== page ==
In 2010 Laax opened the Freestyle Academy at the bottom of the hill. A cavernous warehouse based on the American Woodward training facilities, it boasts trampolines, foam pits, skate ramps and loads more. A visit is a must for any self-respecting freestyle fan.


When there’s fresh snow, the best place to head for open, high alpine lines is up to the top of the Vorab glacier. Ride straight down from the top of the T bar, and make a short hike to the top of the Vorab Pign peak at 2,897m.

You’ll be rewarded with the kind of wide-open powdery bowl that wet dreams are made of. It’s not particularly steep or technical (though you can make it more so, depending on where you drop in) but you’ll be howling for more as soon as you finish.

“If you want to tap into your inner Müller and practice rock drops – there’s plenty off the back of the glacier”

If you do want something more challenging, Dave Seeley recommends the run “off the back of the glacier” which takes you down to the Lavadinas lift.

If the light’s bad or the snow’s coming down hard, “there are plenty of good tree run off the six man Plaun chair.” This area is also great if you want to tap into your inner Müller and practice riding rock drops – there are plenty round here.

Cyril Müller


Unfortunately Laax, like the canton and the country it sits in, is seriously expensive. There’s no avoiding the fact that food and drink are pricey wherever you go and it’s worth doing self-catering if you can.

If you do want to eat on the hill, the best place to have a beer a bite and maybe do a spot of pro-stalking is Café No Name up at the top of the snowpark. They do great coffee too, and you won’t have to remortgage your house for a latté.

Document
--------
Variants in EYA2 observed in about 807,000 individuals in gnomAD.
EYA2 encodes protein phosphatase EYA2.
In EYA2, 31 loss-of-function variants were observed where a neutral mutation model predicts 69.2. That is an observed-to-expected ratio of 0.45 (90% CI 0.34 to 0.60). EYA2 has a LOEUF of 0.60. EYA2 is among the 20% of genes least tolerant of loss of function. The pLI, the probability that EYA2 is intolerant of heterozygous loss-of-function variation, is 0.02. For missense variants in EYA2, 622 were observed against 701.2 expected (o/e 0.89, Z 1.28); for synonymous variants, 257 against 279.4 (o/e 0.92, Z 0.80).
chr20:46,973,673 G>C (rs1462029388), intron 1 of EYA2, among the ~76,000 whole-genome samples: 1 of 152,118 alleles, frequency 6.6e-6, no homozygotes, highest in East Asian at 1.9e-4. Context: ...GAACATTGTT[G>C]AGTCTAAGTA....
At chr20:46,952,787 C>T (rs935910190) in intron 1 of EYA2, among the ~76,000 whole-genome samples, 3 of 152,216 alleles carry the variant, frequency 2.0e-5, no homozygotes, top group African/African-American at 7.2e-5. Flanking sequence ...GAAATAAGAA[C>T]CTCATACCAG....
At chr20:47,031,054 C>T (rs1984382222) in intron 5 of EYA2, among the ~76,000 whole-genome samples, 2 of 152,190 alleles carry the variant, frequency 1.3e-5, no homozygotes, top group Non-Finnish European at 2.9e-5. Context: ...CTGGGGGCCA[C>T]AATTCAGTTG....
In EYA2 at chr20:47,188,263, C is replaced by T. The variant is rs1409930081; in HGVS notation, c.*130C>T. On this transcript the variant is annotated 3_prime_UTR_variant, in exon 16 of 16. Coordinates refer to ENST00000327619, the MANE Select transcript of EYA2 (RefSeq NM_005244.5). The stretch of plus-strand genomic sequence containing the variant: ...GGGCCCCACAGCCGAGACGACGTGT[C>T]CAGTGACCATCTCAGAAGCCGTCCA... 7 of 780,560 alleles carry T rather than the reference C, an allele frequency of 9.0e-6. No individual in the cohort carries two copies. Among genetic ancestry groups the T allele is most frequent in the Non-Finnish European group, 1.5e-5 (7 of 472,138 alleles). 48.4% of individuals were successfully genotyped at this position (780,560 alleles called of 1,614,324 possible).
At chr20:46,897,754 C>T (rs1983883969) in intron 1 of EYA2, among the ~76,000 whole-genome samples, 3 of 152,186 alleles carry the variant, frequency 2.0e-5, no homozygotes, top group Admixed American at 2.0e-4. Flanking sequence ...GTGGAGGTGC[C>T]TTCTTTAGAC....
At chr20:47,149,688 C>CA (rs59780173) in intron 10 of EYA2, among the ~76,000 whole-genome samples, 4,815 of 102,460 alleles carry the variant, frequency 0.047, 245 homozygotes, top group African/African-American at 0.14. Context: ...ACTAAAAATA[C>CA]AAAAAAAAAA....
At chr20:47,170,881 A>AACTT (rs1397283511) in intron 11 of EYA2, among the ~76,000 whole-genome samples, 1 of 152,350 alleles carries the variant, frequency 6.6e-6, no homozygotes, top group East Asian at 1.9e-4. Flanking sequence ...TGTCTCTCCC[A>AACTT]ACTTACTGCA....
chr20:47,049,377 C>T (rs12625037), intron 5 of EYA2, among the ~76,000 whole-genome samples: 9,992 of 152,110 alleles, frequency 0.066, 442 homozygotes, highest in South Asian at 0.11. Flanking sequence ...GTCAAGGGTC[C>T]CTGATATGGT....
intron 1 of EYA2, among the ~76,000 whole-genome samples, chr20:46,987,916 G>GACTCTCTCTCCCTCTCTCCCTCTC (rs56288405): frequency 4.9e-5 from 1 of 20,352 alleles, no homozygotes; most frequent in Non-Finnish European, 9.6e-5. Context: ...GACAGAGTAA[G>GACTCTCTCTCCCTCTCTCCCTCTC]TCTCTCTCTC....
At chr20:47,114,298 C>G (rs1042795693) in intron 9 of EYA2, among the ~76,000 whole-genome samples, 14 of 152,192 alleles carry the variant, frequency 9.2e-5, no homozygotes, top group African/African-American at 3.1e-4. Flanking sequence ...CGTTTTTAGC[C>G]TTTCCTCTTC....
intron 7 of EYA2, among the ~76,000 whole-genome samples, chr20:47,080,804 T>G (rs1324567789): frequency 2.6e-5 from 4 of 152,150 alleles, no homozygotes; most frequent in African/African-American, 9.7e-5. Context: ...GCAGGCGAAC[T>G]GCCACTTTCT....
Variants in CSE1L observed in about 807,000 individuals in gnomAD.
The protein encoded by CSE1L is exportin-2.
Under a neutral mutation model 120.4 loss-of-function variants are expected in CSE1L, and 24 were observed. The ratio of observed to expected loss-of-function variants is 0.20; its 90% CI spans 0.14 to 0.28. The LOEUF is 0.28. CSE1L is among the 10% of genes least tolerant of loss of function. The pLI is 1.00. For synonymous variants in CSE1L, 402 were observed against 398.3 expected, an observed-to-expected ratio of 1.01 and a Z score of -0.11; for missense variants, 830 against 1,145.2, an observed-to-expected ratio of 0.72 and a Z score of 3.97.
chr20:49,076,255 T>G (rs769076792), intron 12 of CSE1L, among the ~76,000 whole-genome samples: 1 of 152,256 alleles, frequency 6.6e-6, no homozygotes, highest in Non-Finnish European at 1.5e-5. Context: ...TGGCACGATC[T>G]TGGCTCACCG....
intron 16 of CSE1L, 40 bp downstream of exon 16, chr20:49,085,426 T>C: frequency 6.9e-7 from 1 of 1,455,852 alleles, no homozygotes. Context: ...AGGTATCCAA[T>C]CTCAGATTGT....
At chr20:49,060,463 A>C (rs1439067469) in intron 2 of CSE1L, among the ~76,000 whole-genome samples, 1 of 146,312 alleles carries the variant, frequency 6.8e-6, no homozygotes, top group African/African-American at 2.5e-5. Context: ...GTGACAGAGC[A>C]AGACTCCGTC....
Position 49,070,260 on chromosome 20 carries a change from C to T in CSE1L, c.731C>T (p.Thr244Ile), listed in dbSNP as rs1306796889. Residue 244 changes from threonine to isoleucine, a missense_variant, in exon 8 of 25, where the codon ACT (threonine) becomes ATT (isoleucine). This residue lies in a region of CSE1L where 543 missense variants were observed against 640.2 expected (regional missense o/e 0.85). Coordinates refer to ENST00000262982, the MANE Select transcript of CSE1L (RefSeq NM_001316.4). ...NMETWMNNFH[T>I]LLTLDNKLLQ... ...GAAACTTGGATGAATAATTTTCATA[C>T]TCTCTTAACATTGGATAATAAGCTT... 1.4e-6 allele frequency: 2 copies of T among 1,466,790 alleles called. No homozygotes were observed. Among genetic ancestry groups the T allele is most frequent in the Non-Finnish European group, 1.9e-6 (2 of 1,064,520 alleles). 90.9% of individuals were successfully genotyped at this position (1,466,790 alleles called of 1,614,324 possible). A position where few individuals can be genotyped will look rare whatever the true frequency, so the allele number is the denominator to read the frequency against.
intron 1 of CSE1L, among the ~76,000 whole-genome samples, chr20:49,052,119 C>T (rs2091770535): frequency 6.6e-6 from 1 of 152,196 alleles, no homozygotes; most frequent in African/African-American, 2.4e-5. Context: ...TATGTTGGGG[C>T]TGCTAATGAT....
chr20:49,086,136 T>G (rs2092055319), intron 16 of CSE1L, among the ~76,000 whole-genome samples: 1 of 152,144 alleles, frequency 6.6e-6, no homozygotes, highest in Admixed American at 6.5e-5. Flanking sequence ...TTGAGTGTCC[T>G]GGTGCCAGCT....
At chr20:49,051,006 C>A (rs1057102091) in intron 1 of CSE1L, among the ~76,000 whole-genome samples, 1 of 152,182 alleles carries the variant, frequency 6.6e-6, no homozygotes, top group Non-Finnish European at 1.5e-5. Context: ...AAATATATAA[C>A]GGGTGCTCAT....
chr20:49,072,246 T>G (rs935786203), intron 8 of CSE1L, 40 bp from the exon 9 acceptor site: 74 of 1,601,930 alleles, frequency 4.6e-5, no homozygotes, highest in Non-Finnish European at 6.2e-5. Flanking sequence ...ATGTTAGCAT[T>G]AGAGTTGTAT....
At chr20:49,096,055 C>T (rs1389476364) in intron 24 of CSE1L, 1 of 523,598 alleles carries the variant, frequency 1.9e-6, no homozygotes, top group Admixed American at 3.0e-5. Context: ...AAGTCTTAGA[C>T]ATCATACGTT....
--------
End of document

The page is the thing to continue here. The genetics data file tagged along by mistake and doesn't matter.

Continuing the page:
The Rocks Resort, clustered around the bottom of the slopes in Laax, has a few restaurant options including the Nooba noodle place and the imaginatively-named Burgers which serves, you guessed it, burgers. Both are tasty but neither are particularly cheap.

Dave’s top tip is Rustica Pizza just down the road which does “good Pizza for an affordable price”.

If you’re after an après pint, the Crap Bar (‘crap’ means ‘rock’ in Romansh, so stop sniggering at the back!) at the bottom of the slopes is a good place to start.

The Indy bar, just across the slopes from the Crap, gets going a little bit later on and occasionally has live music and DJ sets.

If you’re looking for a club vibe, the cavernous basement room of the Rider’s Palace is the place to go. Big name bands and DJs play here periodically throughout the season and if there’s an event on, it gets pretty packed.

The base station at Flims has more of a genuine Swiss village feel and tends to be more chilled. The Living Room Bar is probably the pick of the bunch for après, and Dave’s tip for the best restaurant in town is the Casa Vegl (the ‘Cow Shed’).


In Laax itself, most of the accommodation is owned by the resort. The Rocks Resort is a collection of new-build self-catered apartments that come with grey slate bathrooms, minimalist furniture and hefty price tags.

For convenience and comfort though, there’s nothing better. The same company also owns the four-star Signina Hotel.

The Riders’ Palace down the road is a cheaper option, while the hotel Capricorn claims to cater for Backpackers. All these can be booked through the Laax website.


Laax is just 105 minutes drive from Friedrichshafen Airport. British Airways flies to Friedrichshafen twice a week from London Gatwick, with fares starting from just £45 pp each way, based on a return fare.